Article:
in defense of the romantic late bloomer

If you’ve been around the interwebs, you’ve likely read the story of some singular 20-something who, for whatever reason, has yet to snog another. Your thoughts while reading, I fear, might have included: “What’s wrong with her? Is she attractive? Does she have bad breath? A third eye?” Because, of course, something must be wrong with a person who has lived on planet Earth for 20 years and yet no one has tried to suck her face.

These stories are often presented as anomalies—isolated situations, definitely not “normal.” But here’s the kicker: it’s hard to find definitive research or statistics proving that “most people have their first kiss as teenagers.” And even if they do, I know from many peers that I’m nowhere near alone in this situation. I’m 23 years old and I just had my first kiss last year. No, I’m not balding and yes, I have all of my front teeth.

I’m not sure if societal norms or popular culture ultimately deserve the blame, but somewhere along the way, a threshold of normal ages for all of our “firsts” was established. An accompanying cultural mindset seems to exist that teaches us: if you don’t fit in this range of acceptability, you must have some issue that explains why you’re different. This needs to change.

Examine the rose, for example. Most bloom within two months, but a climbing rose blooms once a year. A late bloomer, the climbing rose takes its time before expressing its full blossom. What if we viewed people through a similarly gentle, romantic lens?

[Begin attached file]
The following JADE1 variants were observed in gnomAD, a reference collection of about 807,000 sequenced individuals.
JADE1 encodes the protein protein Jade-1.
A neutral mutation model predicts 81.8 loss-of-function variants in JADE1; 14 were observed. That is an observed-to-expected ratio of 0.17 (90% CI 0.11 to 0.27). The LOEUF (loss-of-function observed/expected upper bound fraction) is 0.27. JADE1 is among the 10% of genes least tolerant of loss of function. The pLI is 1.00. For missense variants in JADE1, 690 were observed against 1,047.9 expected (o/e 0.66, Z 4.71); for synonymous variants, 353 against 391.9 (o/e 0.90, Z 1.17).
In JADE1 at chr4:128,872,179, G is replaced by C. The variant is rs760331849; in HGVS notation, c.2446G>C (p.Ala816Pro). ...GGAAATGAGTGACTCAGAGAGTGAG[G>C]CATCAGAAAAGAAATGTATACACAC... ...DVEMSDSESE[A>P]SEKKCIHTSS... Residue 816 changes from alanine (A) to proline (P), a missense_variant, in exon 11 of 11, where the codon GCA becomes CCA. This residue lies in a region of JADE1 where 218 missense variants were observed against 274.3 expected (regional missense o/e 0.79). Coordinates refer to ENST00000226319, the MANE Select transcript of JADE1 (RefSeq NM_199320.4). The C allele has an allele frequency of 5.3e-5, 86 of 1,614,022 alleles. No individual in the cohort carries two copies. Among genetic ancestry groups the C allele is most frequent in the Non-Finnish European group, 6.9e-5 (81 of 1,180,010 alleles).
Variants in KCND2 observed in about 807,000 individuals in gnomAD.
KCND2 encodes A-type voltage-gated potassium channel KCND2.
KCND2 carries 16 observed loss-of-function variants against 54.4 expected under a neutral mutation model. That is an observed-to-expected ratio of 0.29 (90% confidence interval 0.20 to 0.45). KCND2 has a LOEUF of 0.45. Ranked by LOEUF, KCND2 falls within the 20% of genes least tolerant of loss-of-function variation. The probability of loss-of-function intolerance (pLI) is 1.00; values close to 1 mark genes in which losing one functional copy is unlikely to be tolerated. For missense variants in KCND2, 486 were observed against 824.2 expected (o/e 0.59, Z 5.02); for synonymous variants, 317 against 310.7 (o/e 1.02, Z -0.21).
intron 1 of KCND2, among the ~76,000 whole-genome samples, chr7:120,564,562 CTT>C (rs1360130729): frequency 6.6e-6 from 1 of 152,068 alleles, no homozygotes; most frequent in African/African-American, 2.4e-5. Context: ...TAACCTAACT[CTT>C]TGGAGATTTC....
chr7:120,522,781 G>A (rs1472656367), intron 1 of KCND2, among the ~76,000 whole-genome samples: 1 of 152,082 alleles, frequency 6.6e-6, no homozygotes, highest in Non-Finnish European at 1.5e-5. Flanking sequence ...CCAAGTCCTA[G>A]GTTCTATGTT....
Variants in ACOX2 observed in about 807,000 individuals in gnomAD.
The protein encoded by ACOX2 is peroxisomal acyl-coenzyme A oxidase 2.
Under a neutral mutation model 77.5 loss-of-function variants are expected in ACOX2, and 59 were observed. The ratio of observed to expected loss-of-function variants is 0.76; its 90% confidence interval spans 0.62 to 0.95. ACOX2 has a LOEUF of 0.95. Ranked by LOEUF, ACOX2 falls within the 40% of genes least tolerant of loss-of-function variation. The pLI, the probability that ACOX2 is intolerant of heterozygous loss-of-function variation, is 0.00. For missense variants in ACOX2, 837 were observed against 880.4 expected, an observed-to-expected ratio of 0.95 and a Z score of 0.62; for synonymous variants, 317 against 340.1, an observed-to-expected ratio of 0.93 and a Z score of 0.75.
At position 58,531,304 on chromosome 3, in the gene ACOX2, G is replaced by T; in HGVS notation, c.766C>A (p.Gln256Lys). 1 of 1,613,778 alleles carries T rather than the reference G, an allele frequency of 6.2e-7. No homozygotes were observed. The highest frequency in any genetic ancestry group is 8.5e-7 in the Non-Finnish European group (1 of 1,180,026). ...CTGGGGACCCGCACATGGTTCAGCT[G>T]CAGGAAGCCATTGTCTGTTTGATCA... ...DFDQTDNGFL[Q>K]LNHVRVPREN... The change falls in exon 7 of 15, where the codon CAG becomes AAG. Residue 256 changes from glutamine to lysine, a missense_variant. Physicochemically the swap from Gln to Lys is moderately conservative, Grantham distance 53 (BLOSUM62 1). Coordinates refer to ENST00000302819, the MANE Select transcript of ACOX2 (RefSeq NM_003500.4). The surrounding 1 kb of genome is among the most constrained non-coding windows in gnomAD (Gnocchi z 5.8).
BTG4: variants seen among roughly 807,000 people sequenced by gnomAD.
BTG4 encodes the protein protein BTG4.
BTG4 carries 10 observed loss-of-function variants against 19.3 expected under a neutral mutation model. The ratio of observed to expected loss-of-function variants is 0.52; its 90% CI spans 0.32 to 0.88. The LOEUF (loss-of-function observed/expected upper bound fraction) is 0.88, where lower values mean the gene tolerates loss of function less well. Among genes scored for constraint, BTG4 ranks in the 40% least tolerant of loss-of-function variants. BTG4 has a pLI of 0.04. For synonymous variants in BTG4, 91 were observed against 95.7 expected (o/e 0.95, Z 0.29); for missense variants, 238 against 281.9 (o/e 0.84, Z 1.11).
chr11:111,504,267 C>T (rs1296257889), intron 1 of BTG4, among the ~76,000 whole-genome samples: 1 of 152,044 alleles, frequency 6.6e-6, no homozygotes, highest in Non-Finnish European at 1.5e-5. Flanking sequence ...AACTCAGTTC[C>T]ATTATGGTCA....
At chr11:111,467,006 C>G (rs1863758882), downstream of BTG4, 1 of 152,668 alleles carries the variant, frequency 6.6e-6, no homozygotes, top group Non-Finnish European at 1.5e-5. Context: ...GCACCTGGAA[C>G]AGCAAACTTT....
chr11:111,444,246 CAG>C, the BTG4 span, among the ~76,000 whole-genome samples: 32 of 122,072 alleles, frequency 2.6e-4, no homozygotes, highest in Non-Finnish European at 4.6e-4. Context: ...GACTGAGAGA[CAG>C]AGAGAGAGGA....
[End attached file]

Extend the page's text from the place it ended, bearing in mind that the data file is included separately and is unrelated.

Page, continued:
It’s important to realize that we all lead very different lives and experience very different circumstances. So many pathways and possibilities can lead to a person’s current state. Something as simple as geography or as complex as religious upbringing can all have an impact on a person’s norms and firsts. Does that mean one way of being is better than another? Of course not. Many types of people exist and many experiences are equally valid.

It’s hard to accept this plural reality when so much of what we see pushes one story, one set of rules. The sooner we realize that there isn’t just one narrative or way of being, the better. Another February has come and gone but all this love talk isn’t going anywhere. I challenge you to set aside your preconceived notions of “normal.” Talk to that guy. Dance with that girl. Take a page out of Kacey Musgraves’ book and follow your own arrow. And for love’s sake, let’s kill all these expectations we have for each others’ romantic lives.

Photos by
Sarah Crawford